Powered Vehicle

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Model vehicles can be powered by gravity if simply rolled down a slope, but Motive Power can be added to working models in a variety of other ways.

Vehicle Chassis are chosen to illustrate several ways of adding power to a model but the same ideas can be used for many other working models.

Powering models can lead to experiments and more understanding of some aspects of science (e.g. Friction, Momentum, Newton's 3rd Law, electric circuits) and having fun racing vehicles! Using Electric Motors can even lead to Computer Control of Stripwood Models.

Rubber Motor This elastic bands can be knotted together to lengthen them (and doubled or trebled to strengthen them). One end is fixed to the front of the Chassis and the other held against the rear axle as it is wound up (if it is tied on to the rear axle there will be no 'free-wheeling' after the motor is run).

Will the Chassis need to be strengthened to withstand the pull of the elastic?

Should the driven wheels be wide or narrow?

Balloon Power Blow up a Party Balloon and let go - it flies around the room because the escaping air in one direction (i.e. the Action) forces the Balloon to go in the opposite direction (i.e. the Reaction). Fixing the Balloon to a Rolling Chassis (e.g. with a Foam Sticky Pad) will transfer the Balloon's force to vehicle causing it to move.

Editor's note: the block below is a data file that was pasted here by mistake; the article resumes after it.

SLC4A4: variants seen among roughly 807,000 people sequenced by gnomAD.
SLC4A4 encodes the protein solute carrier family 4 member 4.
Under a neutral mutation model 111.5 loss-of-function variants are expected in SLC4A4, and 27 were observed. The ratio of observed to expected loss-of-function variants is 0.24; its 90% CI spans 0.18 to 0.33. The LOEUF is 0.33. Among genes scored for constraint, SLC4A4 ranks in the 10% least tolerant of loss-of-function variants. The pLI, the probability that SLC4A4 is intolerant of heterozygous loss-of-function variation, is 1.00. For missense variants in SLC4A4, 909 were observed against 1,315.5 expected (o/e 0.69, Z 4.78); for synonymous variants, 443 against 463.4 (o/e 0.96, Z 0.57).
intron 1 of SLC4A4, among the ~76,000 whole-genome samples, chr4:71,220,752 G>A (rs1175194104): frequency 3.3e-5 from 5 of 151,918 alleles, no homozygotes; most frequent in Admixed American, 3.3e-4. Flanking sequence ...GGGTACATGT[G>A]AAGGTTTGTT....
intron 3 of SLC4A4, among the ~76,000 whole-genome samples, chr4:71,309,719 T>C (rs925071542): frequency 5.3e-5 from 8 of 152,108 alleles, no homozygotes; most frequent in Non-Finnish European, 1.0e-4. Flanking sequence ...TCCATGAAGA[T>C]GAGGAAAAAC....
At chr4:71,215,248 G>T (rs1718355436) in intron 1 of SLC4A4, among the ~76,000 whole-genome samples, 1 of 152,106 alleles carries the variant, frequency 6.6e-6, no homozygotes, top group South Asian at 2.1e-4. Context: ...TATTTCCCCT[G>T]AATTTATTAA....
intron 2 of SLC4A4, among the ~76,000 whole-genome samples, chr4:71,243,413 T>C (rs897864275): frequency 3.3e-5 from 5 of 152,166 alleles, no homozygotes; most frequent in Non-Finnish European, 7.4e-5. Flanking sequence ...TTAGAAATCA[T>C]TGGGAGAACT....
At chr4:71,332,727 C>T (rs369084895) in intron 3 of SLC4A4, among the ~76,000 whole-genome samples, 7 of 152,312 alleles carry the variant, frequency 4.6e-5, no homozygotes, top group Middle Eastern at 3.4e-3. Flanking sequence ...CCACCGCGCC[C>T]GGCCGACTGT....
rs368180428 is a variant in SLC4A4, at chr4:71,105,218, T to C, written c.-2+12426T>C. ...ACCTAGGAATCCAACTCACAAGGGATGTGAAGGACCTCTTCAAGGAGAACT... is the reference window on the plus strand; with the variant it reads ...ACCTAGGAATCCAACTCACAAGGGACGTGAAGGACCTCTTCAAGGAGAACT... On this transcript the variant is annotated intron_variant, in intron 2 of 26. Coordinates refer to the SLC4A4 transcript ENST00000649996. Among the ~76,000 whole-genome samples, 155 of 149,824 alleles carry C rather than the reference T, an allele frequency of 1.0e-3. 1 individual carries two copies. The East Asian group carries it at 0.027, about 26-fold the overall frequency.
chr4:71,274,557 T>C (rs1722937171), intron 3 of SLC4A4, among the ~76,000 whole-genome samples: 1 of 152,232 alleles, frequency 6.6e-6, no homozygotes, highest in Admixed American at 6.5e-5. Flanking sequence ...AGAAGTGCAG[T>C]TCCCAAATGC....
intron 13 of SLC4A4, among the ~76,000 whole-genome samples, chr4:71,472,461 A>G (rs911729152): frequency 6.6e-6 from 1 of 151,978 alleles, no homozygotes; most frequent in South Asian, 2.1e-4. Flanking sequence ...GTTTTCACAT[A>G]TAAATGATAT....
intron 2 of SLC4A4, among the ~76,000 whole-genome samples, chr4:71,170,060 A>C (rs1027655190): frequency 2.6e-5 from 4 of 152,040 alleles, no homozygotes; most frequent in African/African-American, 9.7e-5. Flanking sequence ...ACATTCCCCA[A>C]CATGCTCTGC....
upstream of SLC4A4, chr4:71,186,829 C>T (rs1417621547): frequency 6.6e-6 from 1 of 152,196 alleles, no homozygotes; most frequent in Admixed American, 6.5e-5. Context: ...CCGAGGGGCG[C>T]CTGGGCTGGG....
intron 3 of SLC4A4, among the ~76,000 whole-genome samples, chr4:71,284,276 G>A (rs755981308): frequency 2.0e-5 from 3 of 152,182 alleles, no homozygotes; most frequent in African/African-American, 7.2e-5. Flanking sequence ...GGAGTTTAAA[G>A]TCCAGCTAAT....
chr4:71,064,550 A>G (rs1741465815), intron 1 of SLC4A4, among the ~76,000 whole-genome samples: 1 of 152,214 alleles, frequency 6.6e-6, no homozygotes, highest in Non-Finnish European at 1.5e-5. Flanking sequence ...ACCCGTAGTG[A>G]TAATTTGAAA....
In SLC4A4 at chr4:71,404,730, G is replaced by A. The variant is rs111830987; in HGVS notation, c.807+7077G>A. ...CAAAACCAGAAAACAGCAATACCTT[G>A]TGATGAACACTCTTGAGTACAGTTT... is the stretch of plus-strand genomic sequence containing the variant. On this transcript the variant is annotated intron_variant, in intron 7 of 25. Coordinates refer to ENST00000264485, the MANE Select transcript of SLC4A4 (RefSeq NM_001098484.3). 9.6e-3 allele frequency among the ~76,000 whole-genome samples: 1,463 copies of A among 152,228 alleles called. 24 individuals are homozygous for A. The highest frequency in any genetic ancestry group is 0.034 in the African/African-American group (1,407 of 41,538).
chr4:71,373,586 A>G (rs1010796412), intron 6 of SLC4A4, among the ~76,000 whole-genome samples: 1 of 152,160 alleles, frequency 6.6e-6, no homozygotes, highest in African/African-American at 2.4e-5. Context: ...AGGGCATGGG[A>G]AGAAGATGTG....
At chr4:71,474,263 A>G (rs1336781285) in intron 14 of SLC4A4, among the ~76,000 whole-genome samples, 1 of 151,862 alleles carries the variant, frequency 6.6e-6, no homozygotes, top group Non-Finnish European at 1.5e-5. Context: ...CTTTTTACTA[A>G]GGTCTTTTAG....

Activity: How can you make the vehicle go faster? (Clue: is the Chassis too heavy or is there too much Rolling Friction?)

A famous scientist called Sir Isaac Newton described 3 Laws of Motion and the 3rd one says that Actions and Reactions are always equal and opposite - which is how Astronauts move about in space for example.

Activity: Try inserting first a single drinking straw, then two, three or even more to control the amount of air escaping to see if this makes a difference. Does it make the vehicle go faster or go further? (Clue: make sure the vehicle runs on the same flat, smooth surface each time).

Water Rocket Powered Water Rockets are great fun(!) and can be made using an empty plastics drinks bottle. Part-fill the bottle with water, insert a rubber bung or cork with a small tube passing through it (e.g. as used in home wine making kits) and connect this to a car foot pump or similar. Pump air into the bottle until the pressure blows out the bung and the Rocket takes off - a 2 litre plastics drinks bottle is quite capable to clearing a 3-storey building!

Fixing the bottle to a Chassis will transfer this force to the vehice.

Activity: Try different amounts of water to find just the right amount to make the Rocket perform best. (Clue: water needs to be pumped out all the time there is pressurised air, but if any is left it becomes just dead-weight). Engineers would call this finding the Optimum amount of water.

Why do you think Water Rockets seem so much more powerful than Balloons? (Clue: Force = Mass x Acceleration and water is heavier than air)

Airscrew Driven Vehicle Aircraft (and boat) propellors can be imagined as making a screwthread through the air (or water). They are also known as Airscrews.